Assistant Attorney General
Hearing on Antitrust Issues in Agricultural Business
Senate Committee on Agriculture
July 27, 1999
I am pleased to be here this morning to explain the role of the federal antitrust laws and the Justice Department's Antitrust Division with regard to protecting competition in the agricultural sector of our economy.
There have been a number of occasions recently in which agricultural producers and others have expressed concern about how the agricultural marketplace is functioning, about the levels of concentration in agriculture generally, and about possible anticompetitive conduct in certain sectors. We take these concerns very seriously.
By any measure, we have spent a significant amount of time, energy, and resources on agriculture issues in the recent past, and have brought a number of significant enforcement actions. I personally spend a significant amount of time on these issues.
Today, I want to briefly describe the situations that the antitrust laws address, and then discuss a number of the enforcement actions we have taken. The antitrust laws prohibit conspiracies to deny market access or otherwise suppress competition. They also prohibit the use of predatory and/or exclusionary conduct to acquire or hold on to a monopoly in a market. And they prohibit mergers that are likely to substantially lessen competition in a market.
We know the agriculture marketplace is undergoing significant change. There are advances in technology, productivity, and in many sectors, a trend towards consolidation. In the midst of these changes, the Antitrust Division has a narrow but important role. The antitrust laws are based on the notion that competitive market forces should play the primary role in determining the structure of our economy. Our job is to stop the specific kinds of private-sector conduct I mentioned a minute ago from interfering with those market forces.
The primary beneficiary of antitrust enforcement is the consumer, who receives better quality, increased innovation, and lower prices when competition is not interfered with. But antitrust enforcement also benefits the producers and marketers who want to compete in supplying products and services to consumers by enabling them to do so free from anticompetitive interference. And the overall U.S. economy also benefits, as the products and services desired by consumers are made available in greater quantities through a better allocation of resources, and at competitive market prices.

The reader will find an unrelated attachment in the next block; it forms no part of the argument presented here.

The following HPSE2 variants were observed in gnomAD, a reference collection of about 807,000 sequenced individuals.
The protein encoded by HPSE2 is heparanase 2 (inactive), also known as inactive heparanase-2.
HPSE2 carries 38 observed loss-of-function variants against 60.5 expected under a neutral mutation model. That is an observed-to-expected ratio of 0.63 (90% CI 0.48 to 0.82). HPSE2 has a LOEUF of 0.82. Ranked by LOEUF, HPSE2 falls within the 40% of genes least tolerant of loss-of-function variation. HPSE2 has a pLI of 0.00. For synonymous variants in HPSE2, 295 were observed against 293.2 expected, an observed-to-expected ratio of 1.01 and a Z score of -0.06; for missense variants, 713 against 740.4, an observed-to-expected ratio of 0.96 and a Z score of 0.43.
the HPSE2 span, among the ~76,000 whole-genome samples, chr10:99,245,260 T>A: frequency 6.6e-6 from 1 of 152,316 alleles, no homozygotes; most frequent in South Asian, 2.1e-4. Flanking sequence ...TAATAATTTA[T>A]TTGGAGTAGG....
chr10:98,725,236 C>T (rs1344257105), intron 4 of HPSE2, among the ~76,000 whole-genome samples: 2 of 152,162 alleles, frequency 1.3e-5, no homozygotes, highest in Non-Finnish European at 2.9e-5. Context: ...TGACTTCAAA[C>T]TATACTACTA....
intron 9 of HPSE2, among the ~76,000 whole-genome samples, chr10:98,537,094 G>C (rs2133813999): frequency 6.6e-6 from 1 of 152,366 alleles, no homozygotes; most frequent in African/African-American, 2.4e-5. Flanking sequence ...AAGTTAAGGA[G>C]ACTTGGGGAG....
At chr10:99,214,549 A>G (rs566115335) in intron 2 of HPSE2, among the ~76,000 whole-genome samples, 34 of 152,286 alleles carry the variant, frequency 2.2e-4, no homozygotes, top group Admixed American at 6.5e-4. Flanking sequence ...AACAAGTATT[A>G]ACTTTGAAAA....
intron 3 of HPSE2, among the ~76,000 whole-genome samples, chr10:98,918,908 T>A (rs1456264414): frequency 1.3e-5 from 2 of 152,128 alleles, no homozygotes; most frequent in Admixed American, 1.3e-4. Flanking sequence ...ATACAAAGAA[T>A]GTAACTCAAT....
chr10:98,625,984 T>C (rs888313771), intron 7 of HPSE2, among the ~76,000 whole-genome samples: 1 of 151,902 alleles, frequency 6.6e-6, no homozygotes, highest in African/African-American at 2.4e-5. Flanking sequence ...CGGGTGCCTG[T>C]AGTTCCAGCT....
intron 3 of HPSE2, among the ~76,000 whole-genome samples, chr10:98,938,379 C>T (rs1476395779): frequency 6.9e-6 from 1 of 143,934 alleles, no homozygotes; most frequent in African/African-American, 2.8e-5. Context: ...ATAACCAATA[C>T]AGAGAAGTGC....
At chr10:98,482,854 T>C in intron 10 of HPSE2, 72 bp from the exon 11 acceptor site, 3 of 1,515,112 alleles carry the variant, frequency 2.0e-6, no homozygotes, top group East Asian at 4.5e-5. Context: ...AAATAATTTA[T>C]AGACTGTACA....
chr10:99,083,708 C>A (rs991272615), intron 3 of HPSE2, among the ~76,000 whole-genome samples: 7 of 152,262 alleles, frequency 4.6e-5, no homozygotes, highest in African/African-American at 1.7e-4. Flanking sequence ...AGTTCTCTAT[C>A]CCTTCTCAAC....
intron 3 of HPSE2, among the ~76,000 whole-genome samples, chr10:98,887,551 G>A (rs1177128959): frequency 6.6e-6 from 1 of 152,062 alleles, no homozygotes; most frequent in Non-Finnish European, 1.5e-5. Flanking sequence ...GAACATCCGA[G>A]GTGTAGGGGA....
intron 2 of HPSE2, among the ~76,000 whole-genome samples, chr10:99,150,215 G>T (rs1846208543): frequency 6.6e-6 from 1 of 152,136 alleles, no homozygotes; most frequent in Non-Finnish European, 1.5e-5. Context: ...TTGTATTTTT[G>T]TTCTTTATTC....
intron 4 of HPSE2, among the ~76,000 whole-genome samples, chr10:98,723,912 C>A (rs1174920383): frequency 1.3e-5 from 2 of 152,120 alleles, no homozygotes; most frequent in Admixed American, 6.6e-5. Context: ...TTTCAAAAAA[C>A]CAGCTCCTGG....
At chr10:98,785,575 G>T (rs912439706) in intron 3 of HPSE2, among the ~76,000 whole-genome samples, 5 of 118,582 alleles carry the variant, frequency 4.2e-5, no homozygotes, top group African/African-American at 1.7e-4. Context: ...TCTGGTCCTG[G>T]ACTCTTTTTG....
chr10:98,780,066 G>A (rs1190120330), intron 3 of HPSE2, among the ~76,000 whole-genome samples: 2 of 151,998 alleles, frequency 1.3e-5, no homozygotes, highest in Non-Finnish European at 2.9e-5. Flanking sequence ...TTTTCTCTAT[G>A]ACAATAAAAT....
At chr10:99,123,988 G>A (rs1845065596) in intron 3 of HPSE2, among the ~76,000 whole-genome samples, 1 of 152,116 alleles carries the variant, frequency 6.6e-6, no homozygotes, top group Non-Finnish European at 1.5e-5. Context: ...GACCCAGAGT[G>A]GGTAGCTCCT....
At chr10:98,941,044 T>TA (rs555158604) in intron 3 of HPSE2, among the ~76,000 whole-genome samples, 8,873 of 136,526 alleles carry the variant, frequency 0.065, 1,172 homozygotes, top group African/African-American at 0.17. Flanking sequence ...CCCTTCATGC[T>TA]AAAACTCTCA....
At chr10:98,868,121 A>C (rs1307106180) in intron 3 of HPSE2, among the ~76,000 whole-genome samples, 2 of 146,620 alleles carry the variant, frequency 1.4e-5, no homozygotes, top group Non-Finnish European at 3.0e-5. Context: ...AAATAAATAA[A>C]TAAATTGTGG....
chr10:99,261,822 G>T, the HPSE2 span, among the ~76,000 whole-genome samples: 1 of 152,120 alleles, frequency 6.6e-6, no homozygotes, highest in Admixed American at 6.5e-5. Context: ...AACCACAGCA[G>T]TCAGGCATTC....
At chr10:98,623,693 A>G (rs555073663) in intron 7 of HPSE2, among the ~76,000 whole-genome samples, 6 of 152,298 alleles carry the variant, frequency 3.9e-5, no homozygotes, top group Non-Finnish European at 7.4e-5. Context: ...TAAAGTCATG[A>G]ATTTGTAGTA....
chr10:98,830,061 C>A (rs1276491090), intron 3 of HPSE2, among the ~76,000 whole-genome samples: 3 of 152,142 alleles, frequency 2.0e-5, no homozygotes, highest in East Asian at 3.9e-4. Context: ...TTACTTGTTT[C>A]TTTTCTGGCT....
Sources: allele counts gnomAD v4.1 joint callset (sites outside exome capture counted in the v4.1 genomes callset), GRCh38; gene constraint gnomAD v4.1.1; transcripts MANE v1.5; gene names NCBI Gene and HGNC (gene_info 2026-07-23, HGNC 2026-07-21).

We are law enforcers, not regulators. We do not have the power to restructure any industry, any market, or any company, or stop any practice, except to prevent or cure specific violations of the antitrust laws that we can prove in court. Our authority rests ultimately on our ability to bring enforcement actions. And when we bring an action, the court decides whether the antitrust laws are being violated in the particular instance, and whether the remedy we are seeking fits the violation.
The antitrust laws apply in the same way in every industry, with a very few exceptions where their application is limited by specific statute. A number of industries are also regulated by government agencies under statutes that go beyond the antitrust laws to establish additional, industry-specific regulatory requirements and standards. For example, the meat-packing industry is regulated by USDA's Grain Inspection, Packers and Stockyards Administration.
While the antitrust laws play an important role in helping keep markets competitive, they will never address all of the complex issues facing American agriculture in this time of change. That is why the government continues to focus on a broad range of agriculture policy issues.
What the Antitrust Laws Prohibit
A minute ago, I referred to three different types of antitrust violations. Let me state them more specifically. First, it is a violation of section 1 of the Sherman Act for separate firms to agree among themselves not to compete with each other, but instead to join forces against their consumers or their suppliers. Second, it is a violation of section 2 of the Sherman Act for a firm to monopolize or attempt to monopolize a market. Third, it is a violation of section 7 of the Clayton Act for a firm to merge with another firm or acquire its assets if to do so would be likely to substantially lessen competition in any market. I'd like to describe each of these types of violations in a little more detail, and give you an idea of how we approach each of them.
The first type of antitrust violation, when firms that are holding themselves out to the public as competing against each other instead agree with each other to unreasonably restrain competition among themselves, is often referred to as collusion. Collusion is a willful subversion of the normal operation of free markets, and can result in serious harm to consumers, suppliers, and the economy. It virtually always results directly in inflated prices to consumers, or depressed prices to suppliers, and in denial of choices in the marketplace; indeed, that is its purpose. The most common types of collusion are agreements to fix prices, agreements to allocate markets, and agreements to boycott particular customers, suppliers, or competitors.
Price fixing can include agreeing on the specific price, or rigging a specific bid, but it can also include agreeing to increase or depress price levels, or agreeing to follow a formula that has the intended effect of raising or depressing prices or price levels. Allocation of markets can include agreeing to divide up geographic areas to avoid competition, or agreeing to divide up customers or suppliers within an area, or agreeing to divide up a sequence of bids. Group boycotts can include any agreement among competitors that they will deal with their customers or their suppliers only on particular terms, in order to suppress competition.
This summary of course oversimplifies the full range of Section 1 violations. There are other kinds of such violations where the anticompetitive intent and effect may be less clear-cut. But all section 1 violations share the same basic characteristic, that firms who are supposed to be independent actors in the marketplace are instead agreeing to join forces to restrain competition.